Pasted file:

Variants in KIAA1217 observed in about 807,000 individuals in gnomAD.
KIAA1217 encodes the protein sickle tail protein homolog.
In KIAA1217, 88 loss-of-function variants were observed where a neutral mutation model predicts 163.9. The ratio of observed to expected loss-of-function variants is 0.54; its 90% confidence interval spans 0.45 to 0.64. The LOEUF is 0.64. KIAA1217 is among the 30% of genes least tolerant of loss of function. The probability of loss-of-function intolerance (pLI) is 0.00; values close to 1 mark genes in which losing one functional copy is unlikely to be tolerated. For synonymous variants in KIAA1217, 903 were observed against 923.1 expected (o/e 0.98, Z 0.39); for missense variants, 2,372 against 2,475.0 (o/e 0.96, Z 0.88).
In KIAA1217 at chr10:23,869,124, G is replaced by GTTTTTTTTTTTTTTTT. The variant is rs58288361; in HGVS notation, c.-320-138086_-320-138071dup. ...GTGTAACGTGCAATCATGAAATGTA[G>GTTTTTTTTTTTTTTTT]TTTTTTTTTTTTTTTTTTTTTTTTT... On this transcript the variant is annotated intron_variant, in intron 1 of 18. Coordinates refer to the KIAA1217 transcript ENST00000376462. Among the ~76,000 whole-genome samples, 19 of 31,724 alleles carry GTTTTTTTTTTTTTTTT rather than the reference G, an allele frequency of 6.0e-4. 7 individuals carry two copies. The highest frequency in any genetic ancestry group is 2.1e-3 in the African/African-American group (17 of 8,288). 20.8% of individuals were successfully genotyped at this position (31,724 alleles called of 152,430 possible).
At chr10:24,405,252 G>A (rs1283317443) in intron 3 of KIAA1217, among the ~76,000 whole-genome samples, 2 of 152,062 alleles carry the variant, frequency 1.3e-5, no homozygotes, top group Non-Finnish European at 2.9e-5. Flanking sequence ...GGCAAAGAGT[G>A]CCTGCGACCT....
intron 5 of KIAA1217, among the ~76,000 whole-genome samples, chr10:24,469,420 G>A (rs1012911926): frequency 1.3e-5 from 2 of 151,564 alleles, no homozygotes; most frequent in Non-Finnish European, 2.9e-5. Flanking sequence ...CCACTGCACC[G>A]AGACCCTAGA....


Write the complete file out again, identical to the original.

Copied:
Variants in KIAA1217 observed in about 807,000 individuals in gnomAD.
KIAA1217 encodes the protein sickle tail protein homolog.
In KIAA1217, 88 loss-of-function variants were observed where a neutral mutation model predicts 163.9. The ratio of observed to expected loss-of-function variants is 0.54; its 90% confidence interval spans 0.45 to 0.64. The LOEUF is 0.64. KIAA1217 is among the 30% of genes least tolerant of loss of function. The probability of loss-of-function intolerance (pLI) is 0.00; values close to 1 mark genes in which losing one functional copy is unlikely to be tolerated. For synonymous variants in KIAA1217, 903 were observed against 923.1 expected (o/e 0.98, Z 0.39); for missense variants, 2,372 against 2,475.0 (o/e 0.96, Z 0.88).
In KIAA1217 at chr10:23,869,124, G is replaced by GTTTTTTTTTTTTTTTT. The variant is rs58288361; in HGVS notation, c.-320-138086_-320-138071dup. ...GTGTAACGTGCAATCATGAAATGTA[G>GTTTTTTTTTTTTTTTT]TTTTTTTTTTTTTTTTTTTTTTTTT... On this transcript the variant is annotated intron_variant, in intron 1 of 18. Coordinates refer to the KIAA1217 transcript ENST00000376462. Among the ~76,000 whole-genome samples, 19 of 31,724 alleles carry GTTTTTTTTTTTTTTTT rather than the reference G, an allele frequency of 6.0e-4. 7 individuals carry two copies. The highest frequency in any genetic ancestry group is 2.1e-3 in the African/African-American group (17 of 8,288). 20.8% of individuals were successfully genotyped at this position (31,724 alleles called of 152,430 possible).
At chr10:24,405,252 G>A (rs1283317443) in intron 3 of KIAA1217, among the ~76,000 whole-genome samples, 2 of 152,062 alleles carry the variant, frequency 1.3e-5, no homozygotes, top group Non-Finnish European at 2.9e-5. Flanking sequence ...GGCAAAGAGT[G>A]CCTGCGACCT....
intron 5 of KIAA1217, among the ~76,000 whole-genome samples, chr10:24,469,420 G>A (rs1012911926): frequency 1.3e-5 from 2 of 151,564 alleles, no homozygotes; most frequent in Non-Finnish European, 2.9e-5. Flanking sequence ...CCACTGCACC[G>A]AGACCCTAGA....